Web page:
Talking about risky sex can cut rates of STIs, new medical guidelines say

Cases of sexually transmitted infections in the U.S. could be significantly reduced if younger patients got counseling about risky behavior during regular medical checkups, an influential panel of health experts says in its latest guidance.

In a statement issued Tuesday, the U.S. Preventive Services Task Force recommends behavioral counseling for all sexually active adolescents, as well as for adults at high risk for STIs. Of the estimated 20 million new STIs every year in the U.S., 50 percent are among young people ages 15 to 24. At the same time, rates of the sexually transmitted diseases chlamydia, gonorrhea and syphilis have reached all-time highs in the U.S., according to the most recent report from the Centers for Disease Control and Prevention.

Clearly, something needs to be done.

“Counseling interventions can actually potentially reduce the rate of sexually transmitted infection by about a third,” said Dr. Melissa Simon, a task force member who is a professor of obstetrics and gynecology at the Northwestern University Feinberg School of Medicine. “That’s astonishing”

The new guidelines, which are updated every six to eight years, shorten the time doctors, nurses or other health workers are advised to spend with patients discussing risky sex behavior.

Previously, the guidelines recommended group counseling or multiple sessions lasting as long as two hours. The new recommendation cuts the intervention to 30 minutes or less, which can be completed in a single session. Videos, texts messages or websites that give instructions about condom use and how infections are spread or offer motivation for safer sex practices can be visited on the patient’s own time, outside the medical office.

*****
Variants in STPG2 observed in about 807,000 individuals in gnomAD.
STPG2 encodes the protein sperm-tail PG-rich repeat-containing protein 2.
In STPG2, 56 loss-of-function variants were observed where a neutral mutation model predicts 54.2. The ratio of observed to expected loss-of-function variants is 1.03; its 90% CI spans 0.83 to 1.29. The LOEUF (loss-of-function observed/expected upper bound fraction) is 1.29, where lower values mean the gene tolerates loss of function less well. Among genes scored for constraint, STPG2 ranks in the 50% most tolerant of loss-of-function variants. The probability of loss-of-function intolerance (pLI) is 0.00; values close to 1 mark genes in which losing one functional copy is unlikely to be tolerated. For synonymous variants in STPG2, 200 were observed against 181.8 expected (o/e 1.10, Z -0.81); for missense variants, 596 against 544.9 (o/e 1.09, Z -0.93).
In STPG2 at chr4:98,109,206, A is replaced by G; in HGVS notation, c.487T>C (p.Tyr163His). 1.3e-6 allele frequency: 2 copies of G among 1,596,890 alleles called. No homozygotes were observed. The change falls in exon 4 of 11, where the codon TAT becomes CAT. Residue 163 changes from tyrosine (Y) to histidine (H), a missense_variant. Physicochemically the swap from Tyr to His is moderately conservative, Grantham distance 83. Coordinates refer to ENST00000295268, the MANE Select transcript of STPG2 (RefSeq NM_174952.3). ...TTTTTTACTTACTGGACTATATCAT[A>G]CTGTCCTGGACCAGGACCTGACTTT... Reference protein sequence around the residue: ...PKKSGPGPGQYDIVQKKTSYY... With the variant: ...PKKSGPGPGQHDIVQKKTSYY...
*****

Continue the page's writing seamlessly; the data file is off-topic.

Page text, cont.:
“Using behavioral interventions could be a good way to reverse the increase in sexual infections that we’ve seen,” said Dr. Jason Zucker, an infectious diseases expert at the Columbia University Irving Medical Center.

The guidelines target sexually active teenagers or adults who are more likely to get STIs. That’s defined as having had an STI within the past year, not regularly using condoms, having multiple sex partners or being part of a community with high STI rates.

The new guidelines are a step in the right direction, but risky behaviors aren’t always obvious or just about multiple partners, said Dr. Edward Hook, a professor of medicine at the University of Alabama at Birmingham.

“Over half of women who get chlamydia infections in the United States have only had a single sexual partner in the last three to six months,” he said.

If untreated, STIs can cause infertility, cancer or AIDS.

“The topic should not be as taboo as it tends to be” Simon said.